Call us morbid or maybe it's just that Halloween is lurking around the corner. Whatever the reason, many of our favorite graphic novels this fall are a bit on the grim side. Witches and warlocks, dark magic, violence behind bars, oppressive regimes and a journey into purgatory: that's just a partial list of the topics addressed in vastly different ways in the new crop of comic books. Even the more playful, kid-friendly choices have their spooky elements. So lock the doors, check the windows and hunker down in a safe place with some of these frighteningly good graphic novels. The Dark Horse Book of Witchcraft is a beautiful collection of illustrated short horror stories. It starts off strong with artist Tony Millionaire's adaptation of the "double, double toil and trouble witches' brew scene from Shakespeare's MacBeth ("This is his first work for Dark Horse, quips the Bard's author bio). Other pieces include a brief but typically gorgeous Hellboy episode from Mike Mignola; a story by Scott Morse (of Oni Press' Soulwind) with his trademark ultra-flat art that resembles delicately layered Asian wallpaper; and "Unfamiliar, a funny/scary tale of some dogs and a cat who save the world from witchcraft, written by the great Evan Dorkin (Milk and Cheese, on Slave Labor Graphics) and illustrated with splashy, vivid abandon by Jill Thompson. The collection includes several other creepy tales and an interview with Phyllis Curott, self-styled high priestess, by editor Scott Allie.

More grim than scary is Persepolis 2, Marjane Satrapi's impressive follow-up to her popular and highly acclaimed memoir-as-graphic-novel, Persepolis (2003). Volume two starts as Marjane, age 14, leaves Iran for high school in Vienna. Homesick, she returns four years later but finds life in Tehran not much easier. The regime is repressive and the social culture incredibly chauvinistic; having experienced other possibilities, Marjane finds she can't really put up with it and instead faces the prospect of leaving her homeland behind. Her deceptively simple, blockish, black-and-white line drawings, beyond just being cute, possess a stark elegance and subtle flourishes that echo traditional Persian art and sculpture. The writing is direct and powerful, and the dual stories of a country in crisis and a girl coming of age are tremendously affecting.

100 Bullets: Samurai, by Brian Azzarello and Eduardo Risso, is Book 7 in one of the most intriguing and powerfully written comics series around. It's extremely dark material, both in terms of artwork almost all the scenes take place at night, with a moody, muted color palette and content. The premise is this: a mysterious stranger who knows about something terrible that once happened to you gives you an untraceable gun and 100 bullets and promises you vengeance without consequence. Noth-ing, of course, is that simple. In this volume, one set of the 100 bullets is supposed to be used on the shooter himself clearly problematic. The bulk of the story takes place in prison and is rich with dead-on dialogue and complex characters; even the "bad guys have secrets, depth and nuanced personalities. If the storyline is hard to pick up here in the middle, don't worry: you'll want to seek out the first six volumes as soon as you've read this one.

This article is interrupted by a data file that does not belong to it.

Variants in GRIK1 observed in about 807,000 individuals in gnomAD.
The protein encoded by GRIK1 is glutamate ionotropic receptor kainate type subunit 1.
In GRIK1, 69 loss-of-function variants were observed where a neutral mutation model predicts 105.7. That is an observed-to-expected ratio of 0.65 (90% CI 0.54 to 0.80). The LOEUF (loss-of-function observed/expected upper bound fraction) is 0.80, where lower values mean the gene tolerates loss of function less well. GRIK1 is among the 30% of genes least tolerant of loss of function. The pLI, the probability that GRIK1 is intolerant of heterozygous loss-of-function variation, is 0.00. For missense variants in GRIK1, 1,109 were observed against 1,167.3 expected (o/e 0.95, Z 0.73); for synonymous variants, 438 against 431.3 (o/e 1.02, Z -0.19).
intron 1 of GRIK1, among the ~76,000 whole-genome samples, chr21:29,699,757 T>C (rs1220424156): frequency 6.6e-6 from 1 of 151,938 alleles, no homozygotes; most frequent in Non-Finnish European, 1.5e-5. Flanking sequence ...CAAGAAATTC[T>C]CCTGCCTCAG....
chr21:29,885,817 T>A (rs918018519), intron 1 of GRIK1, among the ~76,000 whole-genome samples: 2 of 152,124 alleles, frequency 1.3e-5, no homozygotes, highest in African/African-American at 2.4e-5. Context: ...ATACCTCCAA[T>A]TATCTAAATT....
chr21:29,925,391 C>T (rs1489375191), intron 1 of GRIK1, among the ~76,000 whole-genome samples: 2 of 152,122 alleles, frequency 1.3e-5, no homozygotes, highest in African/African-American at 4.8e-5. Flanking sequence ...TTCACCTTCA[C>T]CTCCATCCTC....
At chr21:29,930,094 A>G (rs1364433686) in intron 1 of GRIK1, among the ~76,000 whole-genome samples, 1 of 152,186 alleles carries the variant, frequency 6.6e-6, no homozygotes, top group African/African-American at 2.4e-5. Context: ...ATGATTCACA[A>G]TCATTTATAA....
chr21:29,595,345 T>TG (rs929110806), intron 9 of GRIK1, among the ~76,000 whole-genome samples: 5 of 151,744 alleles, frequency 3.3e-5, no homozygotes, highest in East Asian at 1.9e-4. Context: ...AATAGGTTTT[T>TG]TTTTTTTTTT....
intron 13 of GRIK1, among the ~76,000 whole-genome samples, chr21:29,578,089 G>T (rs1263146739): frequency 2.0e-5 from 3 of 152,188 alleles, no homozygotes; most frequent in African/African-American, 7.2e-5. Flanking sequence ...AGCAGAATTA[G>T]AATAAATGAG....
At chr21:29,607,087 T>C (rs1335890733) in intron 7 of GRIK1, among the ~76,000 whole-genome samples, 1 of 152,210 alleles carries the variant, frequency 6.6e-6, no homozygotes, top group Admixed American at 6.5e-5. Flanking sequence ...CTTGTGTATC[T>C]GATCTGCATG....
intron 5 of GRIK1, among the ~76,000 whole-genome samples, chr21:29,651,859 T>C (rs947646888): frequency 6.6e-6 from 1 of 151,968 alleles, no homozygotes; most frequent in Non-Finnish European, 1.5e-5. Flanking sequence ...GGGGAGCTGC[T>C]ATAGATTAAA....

It's hard to exaggerate the achievement that is Gary Panter's Jimbo in Purgatory. The large-format, pink-and-gold hardcover book is decadence itself, as beautiful to look at as an illuminated manuscript in a museum case. A brilliant reimagining of the Book of Purgatory from Dante's Divine Comedy, it's packed with literary references and surreal poetry. The richly detailed drawings and lyrical text demand multiple readings.

Not all of this season's top new books take such a serious tone. For lighthearted fun, there's the increasingly popular genre called shojo manga (which translates as "girl comics"), a subcategory of manga that's as likely to appeal to teenage girls as to the typical comic-book audience of young boys. Shojo typically involves mischievous, large-eyed school kids learning important lessons about human relationships and growing up but it's a lot more fun than that sounds. One good example is the new Imadoki!: Dandelion, by renowned Japanese shojo artist Yu Watase. Volume 1 of Imadoki ("Nowadays") follows the spirited Tanpopo Yamakazi, a new girl at the elite Meio School, who meets a cute boy tending a garden; in an effort to make friends, she organizes a gardening committee, and chaos ensues.

Combining the appeal of shojo manga with gothic style and a rock 'n' roll heart, Princess Ai features characters created by Ai Yazawa, the artist behind the popular Paradise Kiss. Its real claim to fame is being based on the real-life Tokyo adventures of singer Courtney Love (the punk-rock/babydoll heroine even has a heart-shaped box). With writing by DJ Milky, the book is gorgeous to look at and loads of fun.

If you're addicted to comic books, especially as an adult, it's always comforting to hear from others who aren't afraid to confess their affection for the medium. This is particularly true when those other adults happen to be respectable literary figures. In Give Our Regards to the Atomsmashers!, writers including Jonathan Lethem, Greil Marcus, Glen David Gold, Luc Sante, Geoff Dyer and Aimee Bender discuss what comics have meant to them in their development as writers and as people. It's an entertaining, educational read even if you're not obsessed with graphic novels (or still don't want to admit it).

Becky Ohlsen has been a comics geek since she plundered her brother's X-Men collection at age seven.



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